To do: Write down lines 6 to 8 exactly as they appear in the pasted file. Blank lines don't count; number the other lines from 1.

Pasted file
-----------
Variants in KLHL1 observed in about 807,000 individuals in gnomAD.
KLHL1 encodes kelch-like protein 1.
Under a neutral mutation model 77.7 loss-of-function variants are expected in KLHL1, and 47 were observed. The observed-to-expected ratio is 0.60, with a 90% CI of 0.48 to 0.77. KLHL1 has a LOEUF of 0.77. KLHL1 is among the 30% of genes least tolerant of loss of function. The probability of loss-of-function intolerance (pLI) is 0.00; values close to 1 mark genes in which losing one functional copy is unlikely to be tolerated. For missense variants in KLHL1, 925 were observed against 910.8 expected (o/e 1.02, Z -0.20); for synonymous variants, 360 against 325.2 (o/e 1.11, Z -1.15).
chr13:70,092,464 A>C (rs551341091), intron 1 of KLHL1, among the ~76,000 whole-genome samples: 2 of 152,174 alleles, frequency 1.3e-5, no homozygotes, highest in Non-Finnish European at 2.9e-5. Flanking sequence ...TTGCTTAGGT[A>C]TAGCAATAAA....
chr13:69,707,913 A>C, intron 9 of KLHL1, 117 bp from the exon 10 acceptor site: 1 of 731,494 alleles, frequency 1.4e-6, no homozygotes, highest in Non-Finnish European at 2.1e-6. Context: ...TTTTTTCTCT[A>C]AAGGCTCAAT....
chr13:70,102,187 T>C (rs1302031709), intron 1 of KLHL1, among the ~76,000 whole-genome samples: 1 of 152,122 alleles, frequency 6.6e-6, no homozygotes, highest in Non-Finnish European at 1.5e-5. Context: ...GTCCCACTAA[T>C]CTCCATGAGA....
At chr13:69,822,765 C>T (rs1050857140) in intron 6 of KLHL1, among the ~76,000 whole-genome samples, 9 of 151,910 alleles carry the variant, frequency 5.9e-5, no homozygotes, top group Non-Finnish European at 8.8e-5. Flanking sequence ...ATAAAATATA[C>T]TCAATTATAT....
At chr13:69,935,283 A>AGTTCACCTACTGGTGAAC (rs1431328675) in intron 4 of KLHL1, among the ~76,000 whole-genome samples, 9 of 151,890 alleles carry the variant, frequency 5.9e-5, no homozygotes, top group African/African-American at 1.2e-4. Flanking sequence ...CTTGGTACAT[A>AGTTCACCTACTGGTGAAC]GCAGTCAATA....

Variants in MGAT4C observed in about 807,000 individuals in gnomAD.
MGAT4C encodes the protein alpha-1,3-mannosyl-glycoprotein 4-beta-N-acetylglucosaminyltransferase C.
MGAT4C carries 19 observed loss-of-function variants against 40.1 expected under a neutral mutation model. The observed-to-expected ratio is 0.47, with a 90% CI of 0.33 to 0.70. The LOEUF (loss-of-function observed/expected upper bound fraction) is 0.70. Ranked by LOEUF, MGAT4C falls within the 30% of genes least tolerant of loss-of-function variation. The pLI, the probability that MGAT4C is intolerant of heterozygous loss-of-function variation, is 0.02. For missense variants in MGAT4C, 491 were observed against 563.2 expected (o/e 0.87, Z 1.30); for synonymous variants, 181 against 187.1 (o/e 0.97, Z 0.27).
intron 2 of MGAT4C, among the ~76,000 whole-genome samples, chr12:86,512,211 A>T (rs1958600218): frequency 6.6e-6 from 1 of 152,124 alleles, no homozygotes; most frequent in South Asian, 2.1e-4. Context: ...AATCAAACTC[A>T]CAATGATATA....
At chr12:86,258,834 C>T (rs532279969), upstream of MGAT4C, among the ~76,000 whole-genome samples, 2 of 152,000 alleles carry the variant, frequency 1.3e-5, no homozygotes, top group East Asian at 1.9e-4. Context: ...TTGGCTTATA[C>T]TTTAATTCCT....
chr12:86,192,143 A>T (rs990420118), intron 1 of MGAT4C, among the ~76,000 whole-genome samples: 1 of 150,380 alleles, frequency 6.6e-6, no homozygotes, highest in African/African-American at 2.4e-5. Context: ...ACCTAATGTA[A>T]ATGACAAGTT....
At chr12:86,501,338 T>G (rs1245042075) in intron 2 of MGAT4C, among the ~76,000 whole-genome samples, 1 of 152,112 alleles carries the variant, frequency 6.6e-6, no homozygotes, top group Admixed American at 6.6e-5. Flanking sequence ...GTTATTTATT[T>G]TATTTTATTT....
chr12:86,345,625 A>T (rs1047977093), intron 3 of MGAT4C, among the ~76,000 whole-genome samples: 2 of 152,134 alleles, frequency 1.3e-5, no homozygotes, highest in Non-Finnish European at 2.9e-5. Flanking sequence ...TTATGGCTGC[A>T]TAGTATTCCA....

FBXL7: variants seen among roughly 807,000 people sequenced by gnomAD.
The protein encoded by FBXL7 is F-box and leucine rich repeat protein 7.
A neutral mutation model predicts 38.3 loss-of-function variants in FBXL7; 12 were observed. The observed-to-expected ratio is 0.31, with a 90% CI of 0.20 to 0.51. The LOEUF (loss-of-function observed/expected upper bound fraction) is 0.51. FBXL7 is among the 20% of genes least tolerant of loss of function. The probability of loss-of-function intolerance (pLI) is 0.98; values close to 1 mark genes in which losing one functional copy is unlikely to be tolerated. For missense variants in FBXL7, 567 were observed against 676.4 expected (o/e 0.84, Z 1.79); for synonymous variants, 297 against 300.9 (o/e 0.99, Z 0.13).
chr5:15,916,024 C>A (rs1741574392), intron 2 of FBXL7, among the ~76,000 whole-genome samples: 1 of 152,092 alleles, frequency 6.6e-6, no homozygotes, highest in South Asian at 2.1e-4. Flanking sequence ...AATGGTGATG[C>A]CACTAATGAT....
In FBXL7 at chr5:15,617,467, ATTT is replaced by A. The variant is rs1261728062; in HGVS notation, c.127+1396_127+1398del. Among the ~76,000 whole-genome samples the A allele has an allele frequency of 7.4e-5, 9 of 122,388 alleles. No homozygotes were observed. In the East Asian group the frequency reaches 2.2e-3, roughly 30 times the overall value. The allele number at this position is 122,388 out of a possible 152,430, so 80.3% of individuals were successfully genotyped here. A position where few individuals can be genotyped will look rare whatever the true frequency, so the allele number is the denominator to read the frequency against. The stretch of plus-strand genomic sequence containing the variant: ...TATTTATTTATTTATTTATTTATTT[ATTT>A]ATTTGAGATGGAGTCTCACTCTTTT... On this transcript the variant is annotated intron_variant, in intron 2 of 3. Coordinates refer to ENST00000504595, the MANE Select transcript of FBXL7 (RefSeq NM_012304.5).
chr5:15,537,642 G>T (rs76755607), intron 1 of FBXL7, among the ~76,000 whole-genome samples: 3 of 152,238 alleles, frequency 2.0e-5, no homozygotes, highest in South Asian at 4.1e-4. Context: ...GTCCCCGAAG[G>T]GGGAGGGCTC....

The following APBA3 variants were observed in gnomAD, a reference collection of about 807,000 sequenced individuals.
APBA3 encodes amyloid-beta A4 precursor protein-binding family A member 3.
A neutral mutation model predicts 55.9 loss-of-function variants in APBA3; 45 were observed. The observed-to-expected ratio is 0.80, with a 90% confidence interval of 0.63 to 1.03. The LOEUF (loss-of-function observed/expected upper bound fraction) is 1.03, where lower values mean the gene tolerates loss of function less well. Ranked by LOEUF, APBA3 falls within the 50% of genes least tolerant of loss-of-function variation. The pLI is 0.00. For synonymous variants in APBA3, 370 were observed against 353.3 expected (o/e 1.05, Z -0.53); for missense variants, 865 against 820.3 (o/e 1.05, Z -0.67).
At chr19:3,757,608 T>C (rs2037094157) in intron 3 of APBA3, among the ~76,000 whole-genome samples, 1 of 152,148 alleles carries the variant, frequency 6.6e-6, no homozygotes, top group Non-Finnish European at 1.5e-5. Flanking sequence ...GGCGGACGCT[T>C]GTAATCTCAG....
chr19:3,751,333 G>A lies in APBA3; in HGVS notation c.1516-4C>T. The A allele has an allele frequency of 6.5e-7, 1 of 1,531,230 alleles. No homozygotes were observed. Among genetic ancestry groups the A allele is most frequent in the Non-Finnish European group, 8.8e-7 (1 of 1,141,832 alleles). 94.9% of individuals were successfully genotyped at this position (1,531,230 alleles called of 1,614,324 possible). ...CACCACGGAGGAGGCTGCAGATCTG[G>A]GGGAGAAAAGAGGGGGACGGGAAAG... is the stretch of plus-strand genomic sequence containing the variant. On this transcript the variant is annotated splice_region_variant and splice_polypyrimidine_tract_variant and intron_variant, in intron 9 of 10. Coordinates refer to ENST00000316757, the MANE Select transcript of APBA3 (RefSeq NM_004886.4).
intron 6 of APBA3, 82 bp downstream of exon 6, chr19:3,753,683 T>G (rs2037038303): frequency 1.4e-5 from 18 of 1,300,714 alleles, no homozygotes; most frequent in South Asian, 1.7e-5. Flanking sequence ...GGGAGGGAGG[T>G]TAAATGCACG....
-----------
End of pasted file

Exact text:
chr13:70,102,187 T>C (rs1302031709), intron 1 of KLHL1, among the ~76,000 whole-genome samples: 1 of 152,122 alleles, frequency 6.6e-6, no homozygotes, highest in Non-Finnish European at 1.5e-5. Context: ...GTCCCACTAA[T>C]CTCCATGAGA....
At chr13:69,822,765 C>T (rs1050857140) in intron 6 of KLHL1, among the ~76,000 whole-genome samples, 9 of 151,910 alleles carry the variant, frequency 5.9e-5, no homozygotes, top group Non-Finnish European at 8.8e-5. Flanking sequence ...ATAAAATATA[C>T]TCAATTATAT....
At chr13:69,935,283 A>AGTTCACCTACTGGTGAAC (rs1431328675) in intron 4 of KLHL1, among the ~76,000 whole-genome samples, 9 of 151,890 alleles carry the variant, frequency 5.9e-5, no homozygotes, top group African/African-American at 1.2e-4. Flanking sequence ...CTTGGTACAT[A>AGTTCACCTACTGGTGAAC]GCAGTCAATA....